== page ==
# Portfolio Tools: Capital Asset Pricing Model

The Capital Asset Pricing Model (CAPM) is a model that describes the relationship between expected return and risk of investing in a security. It shows that the expected return on a security is equal to the risk-free return plus a risk premium, which is based on the beta of that security. Below is an illustration of the CAPM concept.

### CAPM Formula and Calculation

CAPM is calculated according to the following formula: Where:

Ra = Expected return on a security
Rrf = Risk-free rate
Ba = Beta of the security
Rm = Expected return of the market

Note: “Risk Premium” = (Rm – Rrf)

The CAPM formula is used to calculate the expected return on investable asset. It is based on the premise that investors have assumptions of systematic risk (also known as market risk or non-diversifiable risk) and need to be compensated for it in the form of a risk premium – an amount of market return greater than the risk-free rate. By investing in a security, investors want a higher return for taking on additional risk.

### Expected Return

The “Ra” notation above represents the expected return of a capital asset over time, given all of the other variables in the equation.  The expected return is a long-term assumption about how an investment will play out over its entire life.

### Risk-Free Rate

The “Rrf” notation is for the risk-free rate, which is typically equal to the yield on a 10-year US government bond.  The risk-free rate should correspond to the country where the investment is being made, and the maturity of the bond should match the time horizon of the investment.  Professional convention, however, is to typically use the 10-year rate no matter what, because it’s the most heavily quoted and most liquid bond.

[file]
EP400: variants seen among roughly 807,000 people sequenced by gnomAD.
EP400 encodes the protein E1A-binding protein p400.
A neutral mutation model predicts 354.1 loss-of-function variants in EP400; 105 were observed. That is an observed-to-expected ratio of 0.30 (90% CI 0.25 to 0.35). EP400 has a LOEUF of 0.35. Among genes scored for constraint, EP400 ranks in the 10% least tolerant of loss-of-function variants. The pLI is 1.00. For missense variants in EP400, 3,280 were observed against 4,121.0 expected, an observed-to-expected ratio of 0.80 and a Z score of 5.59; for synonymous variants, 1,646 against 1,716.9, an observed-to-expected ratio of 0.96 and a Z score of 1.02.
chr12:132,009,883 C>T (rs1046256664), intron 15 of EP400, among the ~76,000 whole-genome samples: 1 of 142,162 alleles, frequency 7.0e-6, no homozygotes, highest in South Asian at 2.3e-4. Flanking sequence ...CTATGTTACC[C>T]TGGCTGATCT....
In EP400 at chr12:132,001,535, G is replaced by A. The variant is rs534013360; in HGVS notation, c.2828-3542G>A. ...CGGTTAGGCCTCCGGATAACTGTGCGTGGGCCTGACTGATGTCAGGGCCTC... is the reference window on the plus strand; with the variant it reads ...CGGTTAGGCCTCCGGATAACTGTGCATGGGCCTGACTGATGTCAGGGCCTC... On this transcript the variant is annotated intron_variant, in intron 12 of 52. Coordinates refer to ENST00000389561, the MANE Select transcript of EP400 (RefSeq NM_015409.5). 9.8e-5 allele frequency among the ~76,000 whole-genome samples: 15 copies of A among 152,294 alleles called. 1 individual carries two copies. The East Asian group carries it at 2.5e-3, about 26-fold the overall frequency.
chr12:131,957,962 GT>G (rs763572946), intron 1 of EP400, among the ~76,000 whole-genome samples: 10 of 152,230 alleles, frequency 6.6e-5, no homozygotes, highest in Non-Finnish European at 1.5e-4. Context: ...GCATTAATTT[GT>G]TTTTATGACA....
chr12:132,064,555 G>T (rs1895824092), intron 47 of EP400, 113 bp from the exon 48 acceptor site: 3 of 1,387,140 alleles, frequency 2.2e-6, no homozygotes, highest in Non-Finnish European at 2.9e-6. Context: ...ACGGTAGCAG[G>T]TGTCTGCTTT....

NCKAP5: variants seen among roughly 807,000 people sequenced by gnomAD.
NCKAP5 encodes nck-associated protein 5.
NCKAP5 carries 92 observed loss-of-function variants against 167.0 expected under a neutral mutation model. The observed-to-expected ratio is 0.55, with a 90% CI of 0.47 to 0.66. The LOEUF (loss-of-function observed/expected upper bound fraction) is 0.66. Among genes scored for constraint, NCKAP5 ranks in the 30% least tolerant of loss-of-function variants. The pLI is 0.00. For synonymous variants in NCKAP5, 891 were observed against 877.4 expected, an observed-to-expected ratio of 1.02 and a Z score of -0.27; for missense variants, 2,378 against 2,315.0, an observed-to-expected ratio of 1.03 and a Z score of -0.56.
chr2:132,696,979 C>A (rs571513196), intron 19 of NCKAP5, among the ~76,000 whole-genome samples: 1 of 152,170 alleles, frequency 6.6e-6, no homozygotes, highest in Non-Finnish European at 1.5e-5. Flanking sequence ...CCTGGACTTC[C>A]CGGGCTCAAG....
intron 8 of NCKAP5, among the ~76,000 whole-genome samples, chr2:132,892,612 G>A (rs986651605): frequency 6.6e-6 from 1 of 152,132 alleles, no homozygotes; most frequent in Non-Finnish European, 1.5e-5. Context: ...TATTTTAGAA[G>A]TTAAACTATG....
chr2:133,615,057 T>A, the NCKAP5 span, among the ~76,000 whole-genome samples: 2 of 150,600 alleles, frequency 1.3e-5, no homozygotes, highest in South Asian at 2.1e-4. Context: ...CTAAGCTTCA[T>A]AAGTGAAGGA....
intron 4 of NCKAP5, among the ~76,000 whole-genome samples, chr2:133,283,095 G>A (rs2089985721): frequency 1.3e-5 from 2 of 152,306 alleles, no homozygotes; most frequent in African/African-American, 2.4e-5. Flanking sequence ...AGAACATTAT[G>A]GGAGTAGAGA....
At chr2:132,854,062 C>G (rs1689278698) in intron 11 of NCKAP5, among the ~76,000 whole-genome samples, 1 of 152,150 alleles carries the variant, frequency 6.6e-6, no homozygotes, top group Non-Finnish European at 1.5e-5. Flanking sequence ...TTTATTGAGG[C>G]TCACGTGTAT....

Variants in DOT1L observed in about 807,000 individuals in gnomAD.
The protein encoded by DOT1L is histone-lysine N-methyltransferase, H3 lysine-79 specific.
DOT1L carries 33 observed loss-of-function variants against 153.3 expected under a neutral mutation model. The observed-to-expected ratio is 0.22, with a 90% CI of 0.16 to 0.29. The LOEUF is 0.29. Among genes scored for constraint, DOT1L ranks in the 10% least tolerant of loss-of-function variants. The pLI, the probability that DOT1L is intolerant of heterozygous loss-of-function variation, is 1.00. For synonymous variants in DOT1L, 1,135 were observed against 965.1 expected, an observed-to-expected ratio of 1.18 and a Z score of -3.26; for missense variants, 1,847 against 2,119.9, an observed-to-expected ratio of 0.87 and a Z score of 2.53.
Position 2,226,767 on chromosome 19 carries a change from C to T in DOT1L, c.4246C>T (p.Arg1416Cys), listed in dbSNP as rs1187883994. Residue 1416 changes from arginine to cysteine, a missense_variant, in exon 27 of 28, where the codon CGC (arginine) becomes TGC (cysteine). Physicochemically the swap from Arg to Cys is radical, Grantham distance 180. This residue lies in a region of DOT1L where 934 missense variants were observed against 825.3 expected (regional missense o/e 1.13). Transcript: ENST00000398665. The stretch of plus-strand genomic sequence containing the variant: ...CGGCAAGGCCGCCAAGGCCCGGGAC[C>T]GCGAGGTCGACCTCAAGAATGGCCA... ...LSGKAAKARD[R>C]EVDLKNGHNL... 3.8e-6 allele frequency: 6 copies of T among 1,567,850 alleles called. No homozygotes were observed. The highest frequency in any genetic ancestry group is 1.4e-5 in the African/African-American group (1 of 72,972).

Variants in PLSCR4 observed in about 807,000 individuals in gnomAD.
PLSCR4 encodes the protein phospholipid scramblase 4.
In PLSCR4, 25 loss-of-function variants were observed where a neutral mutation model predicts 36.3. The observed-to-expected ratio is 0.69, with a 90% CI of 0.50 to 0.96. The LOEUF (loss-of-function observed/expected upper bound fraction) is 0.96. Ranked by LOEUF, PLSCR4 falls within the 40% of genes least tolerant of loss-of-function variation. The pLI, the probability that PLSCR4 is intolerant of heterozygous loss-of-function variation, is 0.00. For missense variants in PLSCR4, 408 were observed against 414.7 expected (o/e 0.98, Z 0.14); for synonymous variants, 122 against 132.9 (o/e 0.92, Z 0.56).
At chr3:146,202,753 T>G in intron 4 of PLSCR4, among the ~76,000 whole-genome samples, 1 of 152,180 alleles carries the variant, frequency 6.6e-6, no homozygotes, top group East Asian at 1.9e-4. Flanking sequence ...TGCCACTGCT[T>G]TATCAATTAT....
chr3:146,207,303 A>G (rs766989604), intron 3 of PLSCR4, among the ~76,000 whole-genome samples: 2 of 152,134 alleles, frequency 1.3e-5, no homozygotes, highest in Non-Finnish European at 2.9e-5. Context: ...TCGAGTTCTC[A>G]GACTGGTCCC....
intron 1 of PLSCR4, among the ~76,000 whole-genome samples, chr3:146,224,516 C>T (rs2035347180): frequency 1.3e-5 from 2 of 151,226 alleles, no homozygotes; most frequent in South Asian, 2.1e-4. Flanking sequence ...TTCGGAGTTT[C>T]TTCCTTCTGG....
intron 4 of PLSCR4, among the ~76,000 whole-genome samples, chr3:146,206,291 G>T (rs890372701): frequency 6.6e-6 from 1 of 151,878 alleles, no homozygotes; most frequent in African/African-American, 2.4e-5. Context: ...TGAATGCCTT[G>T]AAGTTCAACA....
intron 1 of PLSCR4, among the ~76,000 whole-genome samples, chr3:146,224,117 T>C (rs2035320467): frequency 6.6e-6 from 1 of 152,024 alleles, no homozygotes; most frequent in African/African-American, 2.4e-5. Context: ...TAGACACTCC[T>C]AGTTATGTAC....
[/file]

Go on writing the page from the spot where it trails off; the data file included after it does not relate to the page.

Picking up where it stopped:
The beta (denoted as “Ba” in the CAPM formula) is a measure of a stock’s risk (volatility of returns) reflected by measuring the fluctuation of its price changes relative to the overall market. In other words, it is the stock’s sensitivity to market risk. For instance, if a company’s beta is equal to 1.5 the security has 150% of the volatility of returns of the market average. However, if the beta is equal to 1, the expected return on a security is equal to the average market return.  A beta of -1 means security has a perfect negative correlation with the market.